The Wrong Rite Think of it as Making the Roman Catholic Church Great Again

Editor’s Note: Please forgive the print version of this article. It was damaged in the upload and did not appear as it should. Below is the corrected version.

The tactics and goals of Traditional Catholics would easily understood and appreciated by the MAGA cap-wearing Trump fans who are the president’s most ardent supporters. Like their secular counterparts, the MRCCGA crowd believes that their heritage has fallen victim to the depredations of liberals. To repair the church’s problems, traditionalists prescribe a return to the Tridentine mass celebrated in Latin.

Many benefits are ascribed to this liturgy, which first saw the light of day in 1570. Boiled down, these benefits amount to a.) it’s old and b.) it’s theatrical. A smattering of praise: “It’s the same rite used by the church fathers.”

Only if the lifespans of the church fathers exceeded that of Methuselah. Furthermore, the liturgy was tweaked multiple times between 1570 and1962. It was superseded by the vernacular Novus Ordo in 1970.

“It’s more spiritual when the priest faces away from the people.” Gee, The Baltimore Catechism, (another favorite of traditionalists) instructs the faithful that “God is everywhere.” That means it shouldn’t matter in which direction the priest is facing. There must be an unofficial doctrine which states, “God has the priest’s back. Just not his front.”

Traditionalists reject the idea that priest and parishioners are all part of the same faith community, with all the frailties and failings to which the flesh is heir.

“It was better in the old days, when the priest was different from other people.” Um, okay. But, wasn’t it that very elevation of the priesthood a factor in keeping secret the activities of pedophile priests?

“The Tridentine is more majestic than the Novus Ordo.” Few activities can equal the pomp and circumstance of a high mass in a cathedral with a history of 150 years or more. With a sanctuary capable of sleeping 3,000, the sights and sounds are calculated to excite the senses. Sunlight streams through enormous and elaborate stained-glass windows. The air is heavy with the scent of incense. A large chorus complements the rich, deep tones of a massive pipe organ playing centuries-old hymns.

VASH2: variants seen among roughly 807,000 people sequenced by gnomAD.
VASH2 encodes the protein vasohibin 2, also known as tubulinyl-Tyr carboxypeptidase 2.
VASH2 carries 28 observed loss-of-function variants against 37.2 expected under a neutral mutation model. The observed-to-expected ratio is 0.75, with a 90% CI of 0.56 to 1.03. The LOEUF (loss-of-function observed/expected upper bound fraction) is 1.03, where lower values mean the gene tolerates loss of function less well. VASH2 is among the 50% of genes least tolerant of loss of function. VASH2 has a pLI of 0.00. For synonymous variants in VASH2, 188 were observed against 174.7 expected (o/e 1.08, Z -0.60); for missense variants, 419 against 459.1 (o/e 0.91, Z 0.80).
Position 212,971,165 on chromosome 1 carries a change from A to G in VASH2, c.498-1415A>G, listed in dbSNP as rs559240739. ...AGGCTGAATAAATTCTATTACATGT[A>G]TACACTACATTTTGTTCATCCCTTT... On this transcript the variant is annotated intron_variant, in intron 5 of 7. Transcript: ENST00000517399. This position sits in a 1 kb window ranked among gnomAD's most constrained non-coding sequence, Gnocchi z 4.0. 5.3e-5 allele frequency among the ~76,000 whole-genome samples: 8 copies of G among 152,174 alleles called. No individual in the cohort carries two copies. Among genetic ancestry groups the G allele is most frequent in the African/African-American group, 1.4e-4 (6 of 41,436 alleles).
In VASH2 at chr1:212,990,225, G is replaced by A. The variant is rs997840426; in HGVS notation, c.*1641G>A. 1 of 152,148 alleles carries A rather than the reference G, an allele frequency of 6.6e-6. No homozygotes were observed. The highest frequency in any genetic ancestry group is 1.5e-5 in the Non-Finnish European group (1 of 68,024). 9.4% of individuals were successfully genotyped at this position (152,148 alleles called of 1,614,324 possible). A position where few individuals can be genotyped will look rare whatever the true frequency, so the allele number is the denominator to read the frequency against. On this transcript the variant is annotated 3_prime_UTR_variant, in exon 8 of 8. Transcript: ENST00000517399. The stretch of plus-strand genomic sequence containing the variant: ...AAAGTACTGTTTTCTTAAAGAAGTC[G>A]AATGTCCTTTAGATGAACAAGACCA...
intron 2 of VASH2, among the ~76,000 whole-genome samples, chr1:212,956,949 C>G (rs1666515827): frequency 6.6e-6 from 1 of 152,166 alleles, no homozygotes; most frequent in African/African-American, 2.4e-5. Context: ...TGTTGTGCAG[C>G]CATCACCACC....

And to cap it all off, the rite is conducted the aforementioned Latin, except for three Greek words which appear in the middle of the Mass. They are said to be a vestige of an ancient translation.

“It’s more reverent than the vernacular,” Latin proponents insist. How it accomplishes this feat is a matter of debate. No other subject matter regularly imparts information to its intended audience in a language in which the audience lack fluency. This is why so few public school systems in this country offer civics classes in Sanskrit, pt geography in Mandarin Chinese.

The use of Latin also has made the Vatican the target of some ridicule. The Latin Words of Institution, “hoc est corpus” was corrupted and co-opted by dotard illusionists, some of whom still invoke the phrase “hocus pocus” in their acts.

In the 16th century, Latin was used because it was universally understood. These days, its use is mostly confined to education, medicine, the law, and religion, where it can be used to obfuscate concepts that would otherwise be too easy for those outside the easy to grasp for those outside the professions.

The Tridentine Mass is a perfect symbol for a church that has relied too often to answer questions instead of revealing the why. It’s a rite that could have been designed by that noted liturgical scholar Kurt Cobain: “Here we are now, entertain us.”

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